Over the last 18 years, LEED© certifications for new buildings have gone from an idea, to a trend, and now to a requirement in some cities. For the past decade cities all over the country have been adding more and more green building regulations. Cities like San Francisco, Boston, and Washington D.C. are flat-out requiring that new construction and certain renovation projects be LEED© certified.
LEED® projects live and die at the contractor level. As a contractor, if your company is the reason that LEED® credits are lost, you can almost guarantee that you’ll never do business for that builder again. It is more important now than ever to ensure that you are LEED®-friendly to make sure that you keep getting considered for the jobs you are bidding on. According to Jonathan Kraatz, Executive Director of the Texas Chapter of the US Green Building Council, “For a contractor working on delivering a LEED® project, the fear of the unknown is often the first obstacle to overcome. By relying on your team of professionals – from design through commissioning – a project can be delivered in a smooth and efficient fashion.”
Here are 3 Key things that a LEED®-conscious contractor should focus on to deliver a successful certification:
Start with the End in Mind:
Make sure that you are as involved in the pre-construction phase of planning as possible. This will give you the ability to plan out any costs associated with the LEED® certification that is expected. Specifically, pay attention to anything having to do with the purchasing aspect of a project – like the budget reviews. This will give you the ability to target specific materials like energy efficient windows or recycled materials to earn additional LEED® points. Provide your input and expertise in your area of the project to find any opportunities that will support LEED® goals. Also, make sure to let your team and subcontractors know what the LEED® project goals are from the beginning. Make sure everyone on the project is paying attention to the fact that LEED® points are critical. Another thing to make sure you pay attention to is the materials that have the lowest LEED® impact. It makes life easier for your subcontractors when they aren’t wasting time filling out waste tickets for materials that have no impact on the LEED® goals.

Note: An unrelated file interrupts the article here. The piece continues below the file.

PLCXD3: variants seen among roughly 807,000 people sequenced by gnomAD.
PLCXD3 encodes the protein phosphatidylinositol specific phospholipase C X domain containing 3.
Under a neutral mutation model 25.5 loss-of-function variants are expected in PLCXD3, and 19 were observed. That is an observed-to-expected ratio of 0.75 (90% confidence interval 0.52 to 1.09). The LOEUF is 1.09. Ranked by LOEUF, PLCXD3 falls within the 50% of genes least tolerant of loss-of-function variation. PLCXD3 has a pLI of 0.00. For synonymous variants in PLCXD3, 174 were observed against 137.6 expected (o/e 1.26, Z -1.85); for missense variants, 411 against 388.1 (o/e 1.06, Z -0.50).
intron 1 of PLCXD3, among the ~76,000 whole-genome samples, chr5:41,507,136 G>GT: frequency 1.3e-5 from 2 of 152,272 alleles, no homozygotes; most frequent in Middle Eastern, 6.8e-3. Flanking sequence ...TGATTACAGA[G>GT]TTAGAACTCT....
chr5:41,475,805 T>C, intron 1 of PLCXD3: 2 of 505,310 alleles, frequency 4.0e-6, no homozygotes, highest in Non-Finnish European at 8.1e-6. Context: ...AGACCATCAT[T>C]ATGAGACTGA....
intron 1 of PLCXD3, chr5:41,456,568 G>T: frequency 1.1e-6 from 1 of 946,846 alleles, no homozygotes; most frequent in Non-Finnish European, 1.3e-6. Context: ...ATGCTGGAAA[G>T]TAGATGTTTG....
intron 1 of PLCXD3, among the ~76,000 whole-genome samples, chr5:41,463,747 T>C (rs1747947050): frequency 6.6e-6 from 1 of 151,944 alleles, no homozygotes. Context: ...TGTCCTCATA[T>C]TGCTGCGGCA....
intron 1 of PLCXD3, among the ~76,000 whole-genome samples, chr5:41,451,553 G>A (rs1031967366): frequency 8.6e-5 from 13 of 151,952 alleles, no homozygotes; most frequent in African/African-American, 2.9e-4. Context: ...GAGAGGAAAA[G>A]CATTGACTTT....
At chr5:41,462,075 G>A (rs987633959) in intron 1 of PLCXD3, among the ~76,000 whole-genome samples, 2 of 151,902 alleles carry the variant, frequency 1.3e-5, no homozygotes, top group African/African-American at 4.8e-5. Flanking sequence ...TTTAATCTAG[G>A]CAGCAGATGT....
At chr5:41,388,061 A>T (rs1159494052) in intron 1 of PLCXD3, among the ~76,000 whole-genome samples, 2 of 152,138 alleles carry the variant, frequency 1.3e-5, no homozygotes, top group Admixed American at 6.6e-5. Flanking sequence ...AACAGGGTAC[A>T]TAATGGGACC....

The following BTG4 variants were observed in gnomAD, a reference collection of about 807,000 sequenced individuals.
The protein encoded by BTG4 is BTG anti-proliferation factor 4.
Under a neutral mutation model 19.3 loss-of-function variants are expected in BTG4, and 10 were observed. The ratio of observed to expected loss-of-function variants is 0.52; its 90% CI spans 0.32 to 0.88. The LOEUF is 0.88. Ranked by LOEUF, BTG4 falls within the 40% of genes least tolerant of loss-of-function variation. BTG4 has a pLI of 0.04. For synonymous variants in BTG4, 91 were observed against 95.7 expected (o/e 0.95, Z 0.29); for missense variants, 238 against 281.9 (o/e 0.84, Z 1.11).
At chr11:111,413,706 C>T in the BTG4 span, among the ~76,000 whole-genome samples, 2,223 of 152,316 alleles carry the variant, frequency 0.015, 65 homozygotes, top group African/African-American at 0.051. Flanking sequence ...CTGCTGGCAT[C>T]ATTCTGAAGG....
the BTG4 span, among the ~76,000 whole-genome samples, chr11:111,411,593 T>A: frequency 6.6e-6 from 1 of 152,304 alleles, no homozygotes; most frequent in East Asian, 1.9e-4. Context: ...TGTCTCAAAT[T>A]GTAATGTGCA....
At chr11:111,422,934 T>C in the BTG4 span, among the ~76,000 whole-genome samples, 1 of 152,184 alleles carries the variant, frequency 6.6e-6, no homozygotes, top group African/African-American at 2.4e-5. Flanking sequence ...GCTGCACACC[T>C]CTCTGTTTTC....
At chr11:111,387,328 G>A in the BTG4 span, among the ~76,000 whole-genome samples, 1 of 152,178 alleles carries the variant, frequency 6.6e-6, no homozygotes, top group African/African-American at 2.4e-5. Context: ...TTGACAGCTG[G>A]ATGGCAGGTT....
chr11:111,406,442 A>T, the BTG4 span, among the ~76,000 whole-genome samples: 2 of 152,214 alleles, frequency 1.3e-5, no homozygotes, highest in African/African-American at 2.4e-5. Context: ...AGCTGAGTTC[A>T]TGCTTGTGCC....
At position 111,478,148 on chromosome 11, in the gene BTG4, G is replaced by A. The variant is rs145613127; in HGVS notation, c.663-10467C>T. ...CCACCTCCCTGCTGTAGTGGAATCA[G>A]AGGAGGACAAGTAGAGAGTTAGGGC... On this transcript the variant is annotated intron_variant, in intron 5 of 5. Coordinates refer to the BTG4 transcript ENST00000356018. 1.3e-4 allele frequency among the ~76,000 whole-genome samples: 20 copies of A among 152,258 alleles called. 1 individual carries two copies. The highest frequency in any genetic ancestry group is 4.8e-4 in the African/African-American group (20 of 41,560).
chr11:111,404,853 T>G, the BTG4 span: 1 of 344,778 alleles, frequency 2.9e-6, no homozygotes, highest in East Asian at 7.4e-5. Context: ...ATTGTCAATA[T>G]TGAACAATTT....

Get to Know the LEED Project Administrator.
All major projects are going to have a LEED® certified professional on staff to ensure that the LEED® goals are being met. This person may work for the design firm, your firm, or a third-party company like Quest that is reporting to the owner. When it comes to any LEED®-related questions – this is the person to ask, and when it comes to those questions – nothing is too small. If there is any confusion at all, you shouldn’t hesitate to ask what you need to be doing and collecting data on. These people would much rather have too many questions asked versus losing LEED® points because someone didn’t ask the right questions.
Know what Data to Collect from Subcontractors.
The biggest thing that gets contractors in trouble with project managers is failure to keep track of MSDS sheets and waste/recycling tickets. Any workers or subcontractors you use need to have it in their heads to track of things like regional materials, renewable materials, certified wood, construction waste management, indoor air quality during construction, and commissioning (multiple credits).
Constructing a greener building shouldn’t be seen as a burden. As a contractor, being known as a LEED-friendly builder will only mean more business for you as bigger projects in more cities are going to require LEED® building standards. Utilizing resources like your local USGBC chapter for LEED® education will only help you be more successful in 2019.
this article was originally posted on ForConstructionPros.com